Buying a car can take days of research and pounds of paperwork, but it's worth it to have a new (or new-to-you) car.
Soon, your auto payments go on autopilot, and you never have to think about them again.
But maybe you should.
Refinancing your car to a shorter term can allow you to pay off your loan quicker and save you money in the long run. Or, refinancing to a longer term can lower your monthly payment, which gives you more money in your pocket each month for expenses. In either scenario, refinancing to a lower interest rate makes the savings even greater. Here's how it works.
Option 1: Save money by paying off your car loan sooner
If your budget allows, you can shave months off your car payment and save money in the long run by refinancing it to a shorter term. For example, you can refinance your 48-month loan with a 36-month loan.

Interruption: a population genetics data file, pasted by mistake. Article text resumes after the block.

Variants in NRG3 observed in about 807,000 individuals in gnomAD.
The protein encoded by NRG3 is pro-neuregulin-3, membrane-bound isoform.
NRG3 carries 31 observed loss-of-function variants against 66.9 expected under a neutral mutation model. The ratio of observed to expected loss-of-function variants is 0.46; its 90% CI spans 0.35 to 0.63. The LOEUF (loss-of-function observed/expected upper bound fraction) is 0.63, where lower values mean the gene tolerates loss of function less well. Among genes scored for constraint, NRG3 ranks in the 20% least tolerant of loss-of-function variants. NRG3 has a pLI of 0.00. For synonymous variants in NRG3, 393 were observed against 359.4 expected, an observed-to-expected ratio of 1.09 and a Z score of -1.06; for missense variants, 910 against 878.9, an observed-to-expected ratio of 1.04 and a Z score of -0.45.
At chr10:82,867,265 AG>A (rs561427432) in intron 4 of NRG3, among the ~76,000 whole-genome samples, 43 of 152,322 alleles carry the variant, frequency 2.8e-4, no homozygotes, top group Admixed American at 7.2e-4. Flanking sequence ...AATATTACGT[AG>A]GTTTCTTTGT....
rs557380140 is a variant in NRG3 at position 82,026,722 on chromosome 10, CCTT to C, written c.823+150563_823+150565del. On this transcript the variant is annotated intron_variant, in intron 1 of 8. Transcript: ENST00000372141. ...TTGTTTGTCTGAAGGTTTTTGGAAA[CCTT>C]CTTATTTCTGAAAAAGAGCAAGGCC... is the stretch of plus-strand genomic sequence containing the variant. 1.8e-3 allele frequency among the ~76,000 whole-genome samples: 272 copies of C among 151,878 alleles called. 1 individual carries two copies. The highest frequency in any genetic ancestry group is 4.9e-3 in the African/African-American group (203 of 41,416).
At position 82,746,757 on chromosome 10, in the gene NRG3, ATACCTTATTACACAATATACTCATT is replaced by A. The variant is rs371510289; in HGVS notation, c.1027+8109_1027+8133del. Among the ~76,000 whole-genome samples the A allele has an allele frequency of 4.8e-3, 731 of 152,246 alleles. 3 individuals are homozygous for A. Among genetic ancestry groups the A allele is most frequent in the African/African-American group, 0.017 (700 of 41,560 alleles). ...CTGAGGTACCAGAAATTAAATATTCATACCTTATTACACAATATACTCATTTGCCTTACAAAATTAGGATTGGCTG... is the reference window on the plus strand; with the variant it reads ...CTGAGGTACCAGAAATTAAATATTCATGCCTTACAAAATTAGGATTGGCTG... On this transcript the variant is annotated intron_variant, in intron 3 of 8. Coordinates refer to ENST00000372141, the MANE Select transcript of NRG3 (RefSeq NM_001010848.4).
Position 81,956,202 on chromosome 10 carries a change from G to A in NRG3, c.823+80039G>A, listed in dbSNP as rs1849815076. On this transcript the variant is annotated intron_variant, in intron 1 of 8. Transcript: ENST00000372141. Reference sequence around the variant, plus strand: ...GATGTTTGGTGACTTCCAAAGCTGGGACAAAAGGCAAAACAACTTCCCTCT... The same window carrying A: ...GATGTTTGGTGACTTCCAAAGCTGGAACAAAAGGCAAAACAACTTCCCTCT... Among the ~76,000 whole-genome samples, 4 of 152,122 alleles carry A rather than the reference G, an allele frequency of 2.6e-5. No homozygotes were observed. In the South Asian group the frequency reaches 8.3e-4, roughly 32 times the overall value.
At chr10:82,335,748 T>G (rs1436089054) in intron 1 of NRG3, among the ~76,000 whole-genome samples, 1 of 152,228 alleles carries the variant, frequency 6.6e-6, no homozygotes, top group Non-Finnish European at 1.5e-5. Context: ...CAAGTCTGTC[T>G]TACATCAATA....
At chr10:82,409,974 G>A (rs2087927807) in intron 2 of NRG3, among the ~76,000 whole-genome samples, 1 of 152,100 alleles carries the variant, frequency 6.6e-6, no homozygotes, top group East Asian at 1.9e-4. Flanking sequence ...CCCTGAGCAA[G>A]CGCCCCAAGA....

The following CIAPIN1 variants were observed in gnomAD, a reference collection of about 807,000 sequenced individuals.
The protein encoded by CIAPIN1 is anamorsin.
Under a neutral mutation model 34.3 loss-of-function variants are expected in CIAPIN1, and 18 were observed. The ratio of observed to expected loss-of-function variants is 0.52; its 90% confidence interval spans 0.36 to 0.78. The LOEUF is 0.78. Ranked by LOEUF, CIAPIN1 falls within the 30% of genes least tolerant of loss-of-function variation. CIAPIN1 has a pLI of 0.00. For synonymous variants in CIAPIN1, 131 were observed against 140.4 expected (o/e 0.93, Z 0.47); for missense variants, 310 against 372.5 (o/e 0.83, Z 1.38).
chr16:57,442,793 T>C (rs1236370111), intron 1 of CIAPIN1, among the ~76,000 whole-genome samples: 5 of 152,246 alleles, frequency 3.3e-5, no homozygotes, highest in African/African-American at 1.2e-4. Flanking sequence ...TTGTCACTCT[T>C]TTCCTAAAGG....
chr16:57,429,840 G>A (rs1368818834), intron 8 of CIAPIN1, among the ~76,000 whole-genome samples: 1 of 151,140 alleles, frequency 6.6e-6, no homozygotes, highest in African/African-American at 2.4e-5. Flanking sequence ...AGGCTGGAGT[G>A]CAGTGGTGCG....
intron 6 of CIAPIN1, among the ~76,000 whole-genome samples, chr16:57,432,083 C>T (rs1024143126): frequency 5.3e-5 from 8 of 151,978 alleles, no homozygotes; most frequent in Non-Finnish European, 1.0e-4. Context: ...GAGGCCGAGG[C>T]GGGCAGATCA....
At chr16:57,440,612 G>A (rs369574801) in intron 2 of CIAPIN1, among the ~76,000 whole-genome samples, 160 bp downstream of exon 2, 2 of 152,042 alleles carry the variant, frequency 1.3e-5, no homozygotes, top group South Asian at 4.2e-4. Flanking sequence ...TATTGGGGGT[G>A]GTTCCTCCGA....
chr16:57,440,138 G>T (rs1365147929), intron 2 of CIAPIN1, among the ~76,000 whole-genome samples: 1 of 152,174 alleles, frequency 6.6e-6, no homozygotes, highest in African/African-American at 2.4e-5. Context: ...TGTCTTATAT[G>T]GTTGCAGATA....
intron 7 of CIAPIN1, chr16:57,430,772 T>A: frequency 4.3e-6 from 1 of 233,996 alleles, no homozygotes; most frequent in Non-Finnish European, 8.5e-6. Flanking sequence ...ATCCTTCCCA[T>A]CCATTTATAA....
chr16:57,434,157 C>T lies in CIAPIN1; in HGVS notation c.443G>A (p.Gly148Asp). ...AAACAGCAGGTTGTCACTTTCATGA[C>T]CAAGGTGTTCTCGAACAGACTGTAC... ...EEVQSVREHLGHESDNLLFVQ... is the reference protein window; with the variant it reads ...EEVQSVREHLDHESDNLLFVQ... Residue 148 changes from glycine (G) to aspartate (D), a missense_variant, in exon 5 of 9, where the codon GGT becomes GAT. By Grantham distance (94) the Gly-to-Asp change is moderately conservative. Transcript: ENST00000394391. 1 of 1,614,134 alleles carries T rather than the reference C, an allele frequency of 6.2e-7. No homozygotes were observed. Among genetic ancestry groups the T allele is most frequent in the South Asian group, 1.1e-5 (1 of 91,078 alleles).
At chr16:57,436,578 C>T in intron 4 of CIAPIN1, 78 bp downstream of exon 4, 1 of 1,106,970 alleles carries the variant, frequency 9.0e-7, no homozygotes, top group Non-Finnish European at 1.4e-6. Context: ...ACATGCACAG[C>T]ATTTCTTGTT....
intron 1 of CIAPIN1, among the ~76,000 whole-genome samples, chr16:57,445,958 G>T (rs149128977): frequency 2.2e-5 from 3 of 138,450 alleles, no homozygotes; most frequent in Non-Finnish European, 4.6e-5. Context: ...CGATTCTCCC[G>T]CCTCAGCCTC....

With this option, you will pay off the loan much earlier – and likely lower the amount of interest you pay. Once you make your last car payment, you'll have more money in your pocket for paying off other bills or building your savings.
Option 2: Create more cash in your monthly budget
Another approach is to refinance your auto loan so you pay less each month. With this method, you would refinance at a lower interest rate at the same term or a longer term.
You can use the extra cash each month to pay off credit cards with higher interest rates or for other expenses.
Use this payment example to find out more about how both options work.
Let's say you financed your car with a $15,000 auto loan at 7% APR for 48 months. Your monthly payment would be $359, and your total cost of the loan would be $17,241. If you chose to refinance your car 2 months into your loan at a lower rate like 3.40% for 60 months or 3.15% for 36 months, the term you choose for your refinance could either A) lower your monthly payment, or B) lower the overall cost of your loan: